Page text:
In Everding v. Skrijel, 2010 CarswellOnt 3975, at para. 13, the Court of Appeal for Ontario held that “[t]he requirement of ss. 5(1)(a)(iv), the propriety of a proceeding as a means to obtain a remedy, enhances the cogency of the discoverability analysis … when applied under the new Limitations Act, 2002” (emphasis added). There, the time the plaintiff ought to have known about bringing a law suit as an appropriate remedy did not occur until she knew she had permanent and serious injuries for which damages could be awarded despite the deductible threshold under s. 5 of regulation 461/96 under the Ontario Insurance Act. This is clearly not an analysis of a lay person’s ability to know the appropriateness of a judicial remedy. Only a lawyer practising personal injury law would have the training to be expected to appreciate the significance of this. Moreover, such a lawyer might very well advise against bringing a suit until damages for the client’s injuries are capable of being pursued in court. Thus, wanting to sue or suspecting injuries because of someone’s fault, are sometimes not enough to start the limitation period.
In Black v MacDonald, 2011 CarswellOnt 48 (Ont. Master), the master momentarily appeared to return to the lay knowledge test previously described in my article on medical negligence. The court held that the plaintiff, who claimed not to have been aware of the basis for a suit against his former solicitor until he received a legal opinion on the former solicitor’s handling of a litigation matter, ought to have pursued the question more vigorously. “Black is clearly not unaware of the practice of or shy about suing legal advisors. It is therefore surprising that he would not have jumped on [the former solicitor’s] submissions at the cost hearing early on, yet there is no evidence that he asked any of the lawyers consulted to opine regarding [the former solicitor’s] handling of the action.” Was the court encouraging clients to ‘jump’ on their lawyers when they suspect something going awry?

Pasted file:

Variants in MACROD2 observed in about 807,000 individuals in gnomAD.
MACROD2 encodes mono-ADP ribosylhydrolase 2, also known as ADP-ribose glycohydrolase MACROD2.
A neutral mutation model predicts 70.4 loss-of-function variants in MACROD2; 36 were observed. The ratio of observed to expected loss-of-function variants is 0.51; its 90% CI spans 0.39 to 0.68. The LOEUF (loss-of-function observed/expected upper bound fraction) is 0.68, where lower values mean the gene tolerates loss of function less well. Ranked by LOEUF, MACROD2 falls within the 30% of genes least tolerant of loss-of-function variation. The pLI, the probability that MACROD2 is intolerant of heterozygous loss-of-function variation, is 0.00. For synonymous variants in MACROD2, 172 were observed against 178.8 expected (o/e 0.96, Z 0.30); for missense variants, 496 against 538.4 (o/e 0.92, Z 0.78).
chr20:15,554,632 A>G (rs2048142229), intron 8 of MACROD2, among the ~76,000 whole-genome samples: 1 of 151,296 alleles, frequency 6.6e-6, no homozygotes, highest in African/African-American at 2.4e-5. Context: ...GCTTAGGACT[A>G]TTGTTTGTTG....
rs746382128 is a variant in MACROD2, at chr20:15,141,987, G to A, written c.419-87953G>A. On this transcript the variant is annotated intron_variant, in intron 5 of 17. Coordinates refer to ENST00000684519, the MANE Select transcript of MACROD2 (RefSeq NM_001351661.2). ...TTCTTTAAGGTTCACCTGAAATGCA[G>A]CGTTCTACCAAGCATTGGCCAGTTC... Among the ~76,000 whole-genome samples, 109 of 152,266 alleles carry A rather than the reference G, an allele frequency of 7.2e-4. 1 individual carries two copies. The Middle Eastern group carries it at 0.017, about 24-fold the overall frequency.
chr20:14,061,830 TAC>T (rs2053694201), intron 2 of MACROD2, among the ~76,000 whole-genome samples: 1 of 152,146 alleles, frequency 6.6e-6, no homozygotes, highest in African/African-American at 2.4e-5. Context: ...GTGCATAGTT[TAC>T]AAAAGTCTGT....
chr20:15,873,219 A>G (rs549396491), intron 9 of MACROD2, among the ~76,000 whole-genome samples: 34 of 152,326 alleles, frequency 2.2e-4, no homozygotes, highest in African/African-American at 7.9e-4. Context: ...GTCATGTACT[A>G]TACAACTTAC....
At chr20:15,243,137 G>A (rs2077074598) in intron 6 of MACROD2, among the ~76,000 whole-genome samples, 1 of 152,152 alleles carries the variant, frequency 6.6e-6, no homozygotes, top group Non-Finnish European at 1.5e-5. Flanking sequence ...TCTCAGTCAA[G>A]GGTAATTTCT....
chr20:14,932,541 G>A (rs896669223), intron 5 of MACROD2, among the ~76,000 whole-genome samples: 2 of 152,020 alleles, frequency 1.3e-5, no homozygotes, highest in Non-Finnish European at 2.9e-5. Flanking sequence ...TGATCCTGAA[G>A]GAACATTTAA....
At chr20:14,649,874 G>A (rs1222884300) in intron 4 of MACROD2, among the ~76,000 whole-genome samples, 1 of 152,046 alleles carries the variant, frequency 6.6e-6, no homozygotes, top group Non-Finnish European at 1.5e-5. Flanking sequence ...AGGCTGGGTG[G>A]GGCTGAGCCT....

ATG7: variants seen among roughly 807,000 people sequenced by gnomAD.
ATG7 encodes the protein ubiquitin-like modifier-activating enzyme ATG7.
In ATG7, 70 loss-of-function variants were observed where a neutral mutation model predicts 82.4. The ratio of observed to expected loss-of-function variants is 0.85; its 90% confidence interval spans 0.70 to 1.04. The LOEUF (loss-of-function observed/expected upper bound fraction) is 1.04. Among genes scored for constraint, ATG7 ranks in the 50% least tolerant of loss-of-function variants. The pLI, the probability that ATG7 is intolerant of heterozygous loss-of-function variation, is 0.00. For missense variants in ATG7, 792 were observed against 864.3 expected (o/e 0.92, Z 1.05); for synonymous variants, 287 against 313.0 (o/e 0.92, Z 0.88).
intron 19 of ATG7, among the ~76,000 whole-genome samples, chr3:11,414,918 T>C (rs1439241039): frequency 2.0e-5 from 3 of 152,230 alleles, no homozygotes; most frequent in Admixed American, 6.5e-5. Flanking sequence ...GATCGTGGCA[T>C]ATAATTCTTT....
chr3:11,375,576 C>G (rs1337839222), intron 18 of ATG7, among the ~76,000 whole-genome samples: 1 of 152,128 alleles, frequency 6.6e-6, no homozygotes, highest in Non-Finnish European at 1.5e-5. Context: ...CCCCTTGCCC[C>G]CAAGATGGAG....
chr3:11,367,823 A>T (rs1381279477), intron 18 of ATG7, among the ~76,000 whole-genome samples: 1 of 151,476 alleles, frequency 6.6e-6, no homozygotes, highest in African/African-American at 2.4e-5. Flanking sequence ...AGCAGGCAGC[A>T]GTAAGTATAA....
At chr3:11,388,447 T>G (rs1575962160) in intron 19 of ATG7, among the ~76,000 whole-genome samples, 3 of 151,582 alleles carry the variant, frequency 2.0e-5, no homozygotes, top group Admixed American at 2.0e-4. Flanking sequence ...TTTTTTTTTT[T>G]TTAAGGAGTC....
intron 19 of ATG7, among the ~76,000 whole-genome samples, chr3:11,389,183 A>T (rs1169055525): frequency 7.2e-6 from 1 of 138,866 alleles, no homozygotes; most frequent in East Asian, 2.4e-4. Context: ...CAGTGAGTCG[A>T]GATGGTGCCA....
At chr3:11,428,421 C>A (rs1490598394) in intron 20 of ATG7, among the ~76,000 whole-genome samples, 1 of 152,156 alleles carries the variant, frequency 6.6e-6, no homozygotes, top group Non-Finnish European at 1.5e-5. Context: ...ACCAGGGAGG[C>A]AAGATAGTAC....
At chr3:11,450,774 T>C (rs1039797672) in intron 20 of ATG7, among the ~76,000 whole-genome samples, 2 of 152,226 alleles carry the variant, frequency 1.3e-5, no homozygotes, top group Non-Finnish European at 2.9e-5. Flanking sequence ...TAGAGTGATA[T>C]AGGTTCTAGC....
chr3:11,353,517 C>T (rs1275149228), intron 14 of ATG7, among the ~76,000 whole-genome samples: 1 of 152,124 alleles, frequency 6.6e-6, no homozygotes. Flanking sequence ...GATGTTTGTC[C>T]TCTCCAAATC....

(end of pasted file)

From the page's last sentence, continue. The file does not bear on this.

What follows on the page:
A further Ontario Superior Court decision seems to have righted the course. In Lopez v. Frias, 2011 CarswellOnt 12149 (Ont. S.C.J.), the judge appreciated that a party may be aware of having been wronged, but that the appropriateness of seeking a judicial remedy may not be known until the technical legal elements of a cause of action are known:
“A reasonable person with the abilities and in the circumstances of the Plaintiff might well have had reason to suspect that that ought to be so but to initiate a claim for fraud solely on that basis would be perilous. So it is not clear that the Plaintiff knew at that time or ought to have known that (per S 5(1)(b) of the Act) that a proceeding would be the appropriate means to seek to remedy it. So the Limitation Period has not expired.”
The court thus held that a plaintiff may have had sufficient facts to appreciate the existence of a claim. However, knowledge of those facts was insufficient to conclude with certainty that a claim has been discovered for the purposes of determining whether a law suit was appropriate. Therefore, it was not possible to determine whether the two-year limitation period had expired.
As in all litigation, each case will present its own merits, whether a limitation period has begun because a party is aware of the appropriateness of a judicial remedy to right the alleged wrong. However, the car-crash example in Everding, mentioned above, shows even everyday cases may involve legal complexity about the availability of a remedy. Simply being wronged and wanting to sue may not be enough. A client may be advised not to sue until a certain level of damages have accrued. The ‘appropriate means’ test will evolve with judicial interpretation as the Ontario limitations regime goes forward. For now, it is important to recognize it as an enhancement of the discoverability principle. For any party or lawyer seeking to relieve a party from the operation of a limitation period, or seeking to repair a client matter where a limitation period is thought to have expired, it is now standard of care for an Ontario advocate to consider the application of the ‘appropriate means’ test. This development has two consequences to your practice. (1) If you think your client’s limitation period has been missed, this may provide relief and allow you to escape a negligence claim. (2) If you are responding to a pleading that an action is statute-barred, you must consider this test as a possible relief valve to be argued against the expiry of the limitation period. Failure to do so in the appropriate case may be a breach of the standard of care.